Sidechains. Which is the most popular solution?

Sidechains are another solution to the blockchain trilemma that has become a pressing challenge for Bitcoin. This article will explain the concept of sidechains and review one of the most popular solutions.

A sidechain is another solution to the blockchain trilemma that, much like the Layer2 scaling solution, aims to speed up transactions by reducing the load on the Layer 1 (L1) blockchain. It's similar in procedure to delegating certain functions or powers from L1 to a “child” less-loaded network.

A sidechain is an independent private blockchain attached to a parent blockchain using a two-way peg. However, it can use its own consensus algorithm (different from L1), security system, and asset classes. If the L1 and the sidechain have different consensus algorithms, assets are exchanged and transferred through a cross-chain bridge.

Sidechains take a load off the L1, which reduces the risk of mempool overflows, and makes transactions faster and fees lower. The following algorithm is used to prevent transaction duplication in both blockchains: once assets reach the sidechain, they are blocked on L1, and all transactions are executed inside the sidechain. Upon backward transfer to L1, the data of the sidechain is synchronized with L1.    

Let's take a look at one of the most famous and successful examples of a bitcoin sidechain.

Liquid Network

The Liquid Network was released by Blockstream at the end of 2015. It is a private blockchain with the BFT consensus algorithm, using a parent-child connection.

The Liquid Network decided not to issue its own token. Instead, it uses a synthetic asset Liquid Bitcoin (L-BTC), which is issued for each BTC transaction from L1 to the sidechain. The L-BTC supply is verifiably backed 1:1 with Bitcoins (like Stablecoins).

During a transaction, the assets first go to the sidechain address, where they are locked by members of what is known as a "Federation", making it impossible to use them outside of it. The Liquid Federation is a group of 15 functionaries that act as trusted moderators between L1 and the sidechain. 
The mechanism used to lock and unlock assets in the "parent" and "child" chains is called a two-way peg. The Federation ensures that all BTC in a sidechain corresponds to an equivalent amount of L-BTC locked in a swap wallet that acts as a bridge.

The Liquid Network uses a combination of hot and cold wallets to store assets, which improves security and reduces the waiting time for peg-out transactions. In order to reduce the risk of the peg-out process, developers decided that the bitcoins released by peg-out transaction should be stored in cold wallets, instead of going directly to a recipient’s wallet.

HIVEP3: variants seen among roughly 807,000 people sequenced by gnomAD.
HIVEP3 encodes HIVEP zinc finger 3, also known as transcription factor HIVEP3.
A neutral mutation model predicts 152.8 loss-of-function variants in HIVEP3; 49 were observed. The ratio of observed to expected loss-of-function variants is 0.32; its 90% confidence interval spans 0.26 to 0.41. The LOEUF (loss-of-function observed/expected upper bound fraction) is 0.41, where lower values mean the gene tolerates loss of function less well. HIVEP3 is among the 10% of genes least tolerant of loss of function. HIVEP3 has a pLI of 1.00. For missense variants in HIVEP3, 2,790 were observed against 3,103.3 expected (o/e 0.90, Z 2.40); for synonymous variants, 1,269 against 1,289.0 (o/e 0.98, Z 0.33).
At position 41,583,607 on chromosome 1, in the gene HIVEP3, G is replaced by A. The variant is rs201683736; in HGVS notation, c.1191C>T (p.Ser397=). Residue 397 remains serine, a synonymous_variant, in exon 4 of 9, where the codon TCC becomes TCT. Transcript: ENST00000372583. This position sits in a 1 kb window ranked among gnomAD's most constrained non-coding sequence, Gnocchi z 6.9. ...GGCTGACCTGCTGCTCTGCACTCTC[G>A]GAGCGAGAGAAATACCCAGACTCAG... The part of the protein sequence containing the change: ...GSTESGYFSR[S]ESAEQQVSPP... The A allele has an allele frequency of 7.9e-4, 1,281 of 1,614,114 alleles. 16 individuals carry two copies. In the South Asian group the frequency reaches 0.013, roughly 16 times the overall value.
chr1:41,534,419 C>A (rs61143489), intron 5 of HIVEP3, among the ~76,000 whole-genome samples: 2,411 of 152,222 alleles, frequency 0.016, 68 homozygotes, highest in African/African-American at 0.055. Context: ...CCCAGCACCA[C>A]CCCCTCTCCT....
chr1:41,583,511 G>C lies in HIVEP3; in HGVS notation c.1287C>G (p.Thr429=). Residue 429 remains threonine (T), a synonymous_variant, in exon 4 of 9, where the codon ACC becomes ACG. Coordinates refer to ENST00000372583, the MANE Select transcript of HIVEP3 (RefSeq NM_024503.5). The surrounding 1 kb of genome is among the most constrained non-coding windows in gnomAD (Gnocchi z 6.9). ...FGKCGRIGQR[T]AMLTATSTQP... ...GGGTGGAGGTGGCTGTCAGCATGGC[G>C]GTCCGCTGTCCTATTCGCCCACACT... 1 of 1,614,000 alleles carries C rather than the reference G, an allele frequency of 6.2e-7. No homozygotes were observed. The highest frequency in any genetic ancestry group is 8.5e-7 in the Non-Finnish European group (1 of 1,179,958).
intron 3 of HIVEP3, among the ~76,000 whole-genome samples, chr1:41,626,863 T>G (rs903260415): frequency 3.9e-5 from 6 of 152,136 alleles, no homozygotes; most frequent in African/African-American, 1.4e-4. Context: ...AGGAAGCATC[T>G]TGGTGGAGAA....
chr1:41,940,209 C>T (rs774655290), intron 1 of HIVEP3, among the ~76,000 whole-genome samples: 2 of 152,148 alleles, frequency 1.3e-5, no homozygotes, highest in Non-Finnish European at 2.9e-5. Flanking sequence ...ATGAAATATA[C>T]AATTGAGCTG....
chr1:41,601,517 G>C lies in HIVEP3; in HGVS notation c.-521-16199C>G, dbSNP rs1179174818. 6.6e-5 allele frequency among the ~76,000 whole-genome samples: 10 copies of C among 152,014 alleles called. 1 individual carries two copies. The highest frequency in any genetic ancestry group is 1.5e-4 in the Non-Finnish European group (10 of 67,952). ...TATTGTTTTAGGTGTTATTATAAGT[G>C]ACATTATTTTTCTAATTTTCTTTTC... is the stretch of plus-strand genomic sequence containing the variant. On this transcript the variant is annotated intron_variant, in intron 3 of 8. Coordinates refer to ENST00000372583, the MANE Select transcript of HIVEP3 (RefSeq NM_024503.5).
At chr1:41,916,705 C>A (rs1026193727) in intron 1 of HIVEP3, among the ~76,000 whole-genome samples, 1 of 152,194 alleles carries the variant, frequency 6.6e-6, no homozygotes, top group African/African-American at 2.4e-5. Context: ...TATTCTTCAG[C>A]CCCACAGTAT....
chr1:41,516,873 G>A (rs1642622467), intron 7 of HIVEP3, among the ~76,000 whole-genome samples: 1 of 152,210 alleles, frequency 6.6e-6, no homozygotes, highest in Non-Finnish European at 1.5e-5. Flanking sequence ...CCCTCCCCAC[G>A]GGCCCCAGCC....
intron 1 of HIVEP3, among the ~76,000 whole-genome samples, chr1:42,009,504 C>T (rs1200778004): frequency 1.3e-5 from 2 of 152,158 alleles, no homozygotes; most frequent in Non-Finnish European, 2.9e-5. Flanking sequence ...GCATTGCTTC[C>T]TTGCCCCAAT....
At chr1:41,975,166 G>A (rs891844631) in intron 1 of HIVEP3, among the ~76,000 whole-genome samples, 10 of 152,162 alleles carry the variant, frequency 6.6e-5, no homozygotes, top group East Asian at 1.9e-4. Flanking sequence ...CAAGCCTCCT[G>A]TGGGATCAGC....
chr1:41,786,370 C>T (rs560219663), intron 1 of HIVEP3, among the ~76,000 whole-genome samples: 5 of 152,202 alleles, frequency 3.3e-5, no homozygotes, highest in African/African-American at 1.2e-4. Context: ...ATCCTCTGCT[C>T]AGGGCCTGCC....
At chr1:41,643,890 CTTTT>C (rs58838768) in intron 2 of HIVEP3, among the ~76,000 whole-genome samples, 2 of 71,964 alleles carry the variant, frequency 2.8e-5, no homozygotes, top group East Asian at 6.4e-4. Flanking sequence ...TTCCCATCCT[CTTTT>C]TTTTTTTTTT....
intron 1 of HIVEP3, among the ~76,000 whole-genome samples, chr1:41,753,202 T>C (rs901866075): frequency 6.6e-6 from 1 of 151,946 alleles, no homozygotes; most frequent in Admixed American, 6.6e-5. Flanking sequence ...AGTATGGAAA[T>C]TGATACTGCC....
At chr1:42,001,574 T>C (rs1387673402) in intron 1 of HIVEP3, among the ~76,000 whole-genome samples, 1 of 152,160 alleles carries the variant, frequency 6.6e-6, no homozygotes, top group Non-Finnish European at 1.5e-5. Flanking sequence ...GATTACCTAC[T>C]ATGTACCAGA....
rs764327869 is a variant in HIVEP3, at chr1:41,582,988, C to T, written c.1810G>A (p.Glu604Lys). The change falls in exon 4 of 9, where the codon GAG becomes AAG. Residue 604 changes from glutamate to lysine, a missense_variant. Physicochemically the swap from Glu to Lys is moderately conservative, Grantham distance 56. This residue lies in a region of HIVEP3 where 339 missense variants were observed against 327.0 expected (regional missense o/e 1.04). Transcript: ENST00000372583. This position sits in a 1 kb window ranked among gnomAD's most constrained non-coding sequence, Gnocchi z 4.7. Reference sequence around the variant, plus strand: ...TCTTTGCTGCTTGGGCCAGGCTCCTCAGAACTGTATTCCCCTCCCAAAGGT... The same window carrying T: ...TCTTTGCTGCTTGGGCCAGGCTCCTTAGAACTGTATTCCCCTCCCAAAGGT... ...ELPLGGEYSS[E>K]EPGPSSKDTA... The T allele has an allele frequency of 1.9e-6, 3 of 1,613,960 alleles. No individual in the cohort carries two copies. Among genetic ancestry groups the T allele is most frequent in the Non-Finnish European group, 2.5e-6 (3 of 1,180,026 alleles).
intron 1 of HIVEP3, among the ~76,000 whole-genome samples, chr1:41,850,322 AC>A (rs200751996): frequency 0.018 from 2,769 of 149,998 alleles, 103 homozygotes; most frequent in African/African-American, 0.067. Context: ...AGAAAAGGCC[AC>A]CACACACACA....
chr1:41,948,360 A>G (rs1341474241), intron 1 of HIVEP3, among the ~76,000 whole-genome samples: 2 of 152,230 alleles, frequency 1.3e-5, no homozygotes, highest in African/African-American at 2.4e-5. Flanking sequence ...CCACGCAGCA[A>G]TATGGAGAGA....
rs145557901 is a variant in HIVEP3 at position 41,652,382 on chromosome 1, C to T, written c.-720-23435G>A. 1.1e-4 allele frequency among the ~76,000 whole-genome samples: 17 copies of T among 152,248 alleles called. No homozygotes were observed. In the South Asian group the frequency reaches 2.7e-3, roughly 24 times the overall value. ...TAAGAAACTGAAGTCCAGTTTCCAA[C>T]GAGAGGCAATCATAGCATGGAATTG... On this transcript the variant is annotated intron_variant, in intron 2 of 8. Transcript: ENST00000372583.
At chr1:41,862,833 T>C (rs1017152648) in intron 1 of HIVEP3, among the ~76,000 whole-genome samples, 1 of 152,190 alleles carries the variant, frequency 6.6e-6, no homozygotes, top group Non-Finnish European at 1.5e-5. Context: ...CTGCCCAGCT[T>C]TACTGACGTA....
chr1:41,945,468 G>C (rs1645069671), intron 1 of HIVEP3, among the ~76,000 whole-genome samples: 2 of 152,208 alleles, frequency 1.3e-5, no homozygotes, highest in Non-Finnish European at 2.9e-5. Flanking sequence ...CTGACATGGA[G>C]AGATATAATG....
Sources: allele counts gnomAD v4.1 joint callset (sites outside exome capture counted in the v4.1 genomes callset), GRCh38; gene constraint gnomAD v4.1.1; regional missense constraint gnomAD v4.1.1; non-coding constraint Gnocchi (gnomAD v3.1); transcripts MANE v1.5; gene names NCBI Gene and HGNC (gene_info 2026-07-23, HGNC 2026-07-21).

Since some Liquid functionaries represent crypto exchanges, BTC is transferred to one of the cold wallets of the exchange where the user is registered (if appropriate).

Transactions processed through the sidechain are not included in the chain at L1, so the fee here will be much lower (no more than $0.1). This, compared to the standard L1 fee, which ranges from $4 to $15+ per transaction, is a crazy discount. 

In the Liquid Network, new blocks are confirmed in a minute, and the transaction time never exceeds a few seconds.

As you can see, with solutions like Lightning (L2) and the Liquid Network, Bitcoin is significantly strengthening its market position and is getting closer to solving the blockchain trilemma.

 Advantages of Sidechains:

  Increased transaction speed. Sidechains increase scalability and L1 throughput, making transactions faster.

 A user-friendly platform for testing new releases, services, and tools.  If the technology is new and has not yet been tested, all test transactions migrate to the sidechain, with L1 remaining idle and at no risk in case of failures, bugs, or vulnerabilities.

 To prevent double-spending, used coins are subject to additional control in the sidechain. Thus, its vulnerabilities cannot affect the parent blockchain.

 In case of a successful hacker attack on the sidechain which reveals certain code vulnerabilities, only the sidechain bears the risks, while the main L1 chain remains safe and continues to work as usual.

 Enhanced decentralization. With reduced dependence on L1 mempool, crypto holders spend less time on transactions.

Disadvantages of Sidechains:

Poor security. Like L1, a sidechain needs a significant number of nodes to remain tamper-proof. Without sufficient capacity and support from miners/validators, the sidechain becomes vulnerable to attack.

 Weak decentralization. In most cases, the number of nodes is low and concentrated in the hands of a few teams, and its geographic footprint is not as wide as in L1.